Maybe I should have started this series on the West and moved my way eastward, which would have put the Connecticut quarter in the final post of this series instead of the first one. I say this because Connecticut's quarter is my favorite of the entire series. I just love this quarter, and I remember when I first saw it when it was issued, I thought something along the lines of "Wow, forty-some states are going to have a hard time topping this." And, in my opinion, none did. Connecticut doesn't include a state motto or anything like that; instead, they give a wonderfully rendered picture of a venerable oak tree, a picture whose circular nature beautifully fills up much of the quarter, along with the grassy field that tree stands in and the stone fence beyond it. They nicely identify this specific tree as "The Charter Oak". And as an added bonus, I'll bet very few people who don't live in Connecticut know what the Charter Oak was, so this quarter invites further exploration of the state's history. Great quarter.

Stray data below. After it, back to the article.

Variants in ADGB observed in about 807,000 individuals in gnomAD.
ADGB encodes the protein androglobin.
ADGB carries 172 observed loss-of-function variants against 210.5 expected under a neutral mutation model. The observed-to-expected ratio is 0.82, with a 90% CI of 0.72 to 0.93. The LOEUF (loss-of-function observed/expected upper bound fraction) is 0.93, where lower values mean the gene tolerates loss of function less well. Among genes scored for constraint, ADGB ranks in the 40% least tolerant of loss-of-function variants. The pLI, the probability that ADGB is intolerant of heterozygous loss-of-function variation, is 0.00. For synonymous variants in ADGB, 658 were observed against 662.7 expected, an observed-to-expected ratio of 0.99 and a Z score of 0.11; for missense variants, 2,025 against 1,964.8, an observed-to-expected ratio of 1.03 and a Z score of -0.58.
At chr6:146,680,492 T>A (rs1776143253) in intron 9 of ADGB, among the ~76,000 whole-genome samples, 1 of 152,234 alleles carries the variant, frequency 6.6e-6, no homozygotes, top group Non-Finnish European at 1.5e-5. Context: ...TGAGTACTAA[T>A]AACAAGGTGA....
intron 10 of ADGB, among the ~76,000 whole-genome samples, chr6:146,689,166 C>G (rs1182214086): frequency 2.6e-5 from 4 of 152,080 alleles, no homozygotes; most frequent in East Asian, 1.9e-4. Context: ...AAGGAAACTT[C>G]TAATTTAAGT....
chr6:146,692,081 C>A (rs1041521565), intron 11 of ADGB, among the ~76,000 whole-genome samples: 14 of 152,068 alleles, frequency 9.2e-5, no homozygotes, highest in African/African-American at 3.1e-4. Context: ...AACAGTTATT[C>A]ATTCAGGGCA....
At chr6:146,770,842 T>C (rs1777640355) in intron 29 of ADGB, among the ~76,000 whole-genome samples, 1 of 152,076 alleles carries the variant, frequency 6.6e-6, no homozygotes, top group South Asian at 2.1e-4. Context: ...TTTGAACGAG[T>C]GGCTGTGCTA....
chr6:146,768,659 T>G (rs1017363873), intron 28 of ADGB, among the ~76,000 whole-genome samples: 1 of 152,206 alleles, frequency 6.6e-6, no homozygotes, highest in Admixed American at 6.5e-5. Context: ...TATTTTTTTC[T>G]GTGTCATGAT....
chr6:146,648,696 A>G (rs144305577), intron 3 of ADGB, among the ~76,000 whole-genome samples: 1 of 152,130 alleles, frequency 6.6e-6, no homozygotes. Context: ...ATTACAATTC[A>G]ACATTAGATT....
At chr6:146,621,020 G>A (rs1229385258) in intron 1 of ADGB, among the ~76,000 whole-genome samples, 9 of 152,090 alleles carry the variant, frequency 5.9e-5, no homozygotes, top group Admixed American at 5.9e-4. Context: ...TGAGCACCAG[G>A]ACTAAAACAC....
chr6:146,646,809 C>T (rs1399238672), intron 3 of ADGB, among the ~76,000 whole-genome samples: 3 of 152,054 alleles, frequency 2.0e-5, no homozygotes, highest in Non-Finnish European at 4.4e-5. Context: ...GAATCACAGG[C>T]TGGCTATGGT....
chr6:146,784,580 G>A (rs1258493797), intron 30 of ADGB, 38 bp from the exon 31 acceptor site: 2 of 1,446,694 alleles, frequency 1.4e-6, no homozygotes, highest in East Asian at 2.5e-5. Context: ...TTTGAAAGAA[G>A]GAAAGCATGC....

Connecticut's quarter: $0.25

New York

Again with design-by-committee; you just know that somebody was in that room insisting that no possible New York State quarter could exist without depicting the Statue of Liberty, so there she is. Maybe there's a point there, but leaving Lady Liberty off the quarter and just having that picture of New York State with the motto "Gateway to Freedom" would have worked nicely. I'm not, as we'll see thoughout this exercise, a big fan of pictures of states and their outlines, but this one's interesting on two levels: first, when you contrast this with, say, Massachusetts above, you see that New York doesn't just show the state outline, but rather a topographical relief map of the state, which I find a fascinating choice. Second, the map ties in with the "Gateway to Freedom" motto by showing the line of the Erie Canal. Plus, this is my home state's quarter, so I'm a bit biased on that regard as well.

New York's quarter: $0.20